the following argument.  By default, the limit is the number of
	     disks, running one	process	per disk.  If a	smaller	limit is
	     given, the	disks are checked round-robin, one filesystem at a

     -m	     Use the mode specified in octal immediately after the flag	as the
	     permission	bits to	use when creating the lost+found directory
	     rather than the default 1777.  In particular, systems that	do not
	     wish to have lost files accessible	by all users on	the system
	     should use	a more restrictive set of permissions such as 700.

     -n	     Assume a no response to all questions asked by fsck except	for
	     `CONTINUE?', which	is assumed to be affirmative; do not open the
	     filesystem	for writing.

     -p	     Preen filesystems (see above).

     -y	     Assume a yes response to all questions asked by fsck; this	should
	     be	used with great	caution	as this	is a free license to continue
	     after essentially unlimited trouble has been encountered.

     If	no filesystems are given to fsck then a	default	list of	filesystems is
     read from the file	/etc/fstab.

     Inconsistencies checked are as follows:
     1.	  Blocks claimed by more than one inode	or the free map.
     2.	  Blocks claimed by an inode outside the range of the filesystem.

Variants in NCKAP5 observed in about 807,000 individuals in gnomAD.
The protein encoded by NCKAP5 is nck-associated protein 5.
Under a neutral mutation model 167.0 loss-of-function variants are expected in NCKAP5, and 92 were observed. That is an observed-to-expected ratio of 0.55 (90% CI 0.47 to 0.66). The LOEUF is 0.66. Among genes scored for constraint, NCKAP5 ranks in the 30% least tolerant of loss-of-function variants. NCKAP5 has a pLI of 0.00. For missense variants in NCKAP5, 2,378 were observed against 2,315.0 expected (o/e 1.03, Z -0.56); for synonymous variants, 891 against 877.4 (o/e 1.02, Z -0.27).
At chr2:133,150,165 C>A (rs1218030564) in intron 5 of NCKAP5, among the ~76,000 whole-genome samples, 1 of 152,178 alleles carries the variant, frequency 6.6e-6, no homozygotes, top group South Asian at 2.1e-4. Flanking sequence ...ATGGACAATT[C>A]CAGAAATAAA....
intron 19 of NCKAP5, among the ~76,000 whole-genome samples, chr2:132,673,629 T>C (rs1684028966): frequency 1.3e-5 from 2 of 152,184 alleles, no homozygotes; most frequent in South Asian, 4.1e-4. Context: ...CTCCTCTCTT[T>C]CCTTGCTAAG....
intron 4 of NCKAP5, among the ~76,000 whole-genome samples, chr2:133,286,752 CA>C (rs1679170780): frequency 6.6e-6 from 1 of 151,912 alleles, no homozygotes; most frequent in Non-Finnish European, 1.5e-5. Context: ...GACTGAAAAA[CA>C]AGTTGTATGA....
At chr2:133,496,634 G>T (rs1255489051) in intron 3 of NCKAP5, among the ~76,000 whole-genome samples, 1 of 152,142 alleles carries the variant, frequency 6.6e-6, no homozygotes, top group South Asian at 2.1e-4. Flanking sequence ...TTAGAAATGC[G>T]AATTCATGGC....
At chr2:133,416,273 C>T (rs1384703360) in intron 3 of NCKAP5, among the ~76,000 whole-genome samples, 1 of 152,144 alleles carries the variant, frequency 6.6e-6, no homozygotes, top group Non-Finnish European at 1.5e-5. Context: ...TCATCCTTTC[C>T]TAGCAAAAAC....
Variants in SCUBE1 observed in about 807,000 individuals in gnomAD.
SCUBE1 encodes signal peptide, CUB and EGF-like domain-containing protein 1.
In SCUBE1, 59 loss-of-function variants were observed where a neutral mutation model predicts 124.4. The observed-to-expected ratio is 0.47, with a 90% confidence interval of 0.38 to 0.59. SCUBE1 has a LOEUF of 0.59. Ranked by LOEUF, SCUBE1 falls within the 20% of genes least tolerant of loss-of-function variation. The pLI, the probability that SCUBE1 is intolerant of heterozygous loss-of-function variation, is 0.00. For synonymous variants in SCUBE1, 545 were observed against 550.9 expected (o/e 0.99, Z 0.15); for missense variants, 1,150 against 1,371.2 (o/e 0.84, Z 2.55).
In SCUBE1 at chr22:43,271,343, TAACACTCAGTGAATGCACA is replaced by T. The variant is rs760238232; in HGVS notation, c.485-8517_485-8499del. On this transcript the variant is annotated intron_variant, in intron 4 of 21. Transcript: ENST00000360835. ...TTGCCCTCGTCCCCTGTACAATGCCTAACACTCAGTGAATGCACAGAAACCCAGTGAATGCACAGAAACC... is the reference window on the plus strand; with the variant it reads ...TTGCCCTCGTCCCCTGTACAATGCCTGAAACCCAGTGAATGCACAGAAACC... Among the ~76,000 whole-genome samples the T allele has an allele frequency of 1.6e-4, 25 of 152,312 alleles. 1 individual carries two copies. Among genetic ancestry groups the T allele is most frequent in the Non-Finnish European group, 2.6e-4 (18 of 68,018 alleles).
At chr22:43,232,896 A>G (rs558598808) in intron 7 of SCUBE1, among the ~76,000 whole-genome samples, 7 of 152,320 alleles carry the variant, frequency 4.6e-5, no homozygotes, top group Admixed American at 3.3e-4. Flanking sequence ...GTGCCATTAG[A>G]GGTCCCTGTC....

3.	  Incorrect link counts.
     4.	  Size checks:
		Directory size not a multiple of DIRBLKSIZ.
		Partially truncated file.
     5.	  Bad inode format.
     6.	  Blocks not accounted for anywhere.
     7.	  Directory checks:
		File pointing to unallocated inode.
		Inode number out of range.
		Directories with unallocated blocks (holes).
		Dot or dot-dot not the first two entries of a directory	or
		having the wrong inode number.
     8.	  Super	Block checks:
		More blocks for	inodes than there are in the filesystem.
		Bad free block map format.
		Total free block and/or	free inode count incorrect.

     Orphaned files and	directories (allocated but unreferenced) are, with the
     operator's	concurrence, reconnected by placing them in the	lost+found di-
     rectory.  The name	assigned is the	inode number.  If the lost+found di-
     rectory does not exist, it	is created.  If	there is insufficient space
     its size is increased.

     Because of	inconsistencies	between	the block device and the buffer	cache,
     the raw device should always be used.

     /etc/fstab	 contains default list of filesystems to check.

     The diagnostics produced by fsck are fully	enumerated and explained in
     Appendix A	of Fsck	- The UNIX File	System Check Program.

     fs(5), fstab(5), fsdb(8), newfs(8), reboot(8)

4th Berkeley Distribution      November	15, 1996     4th Berkeley Distribution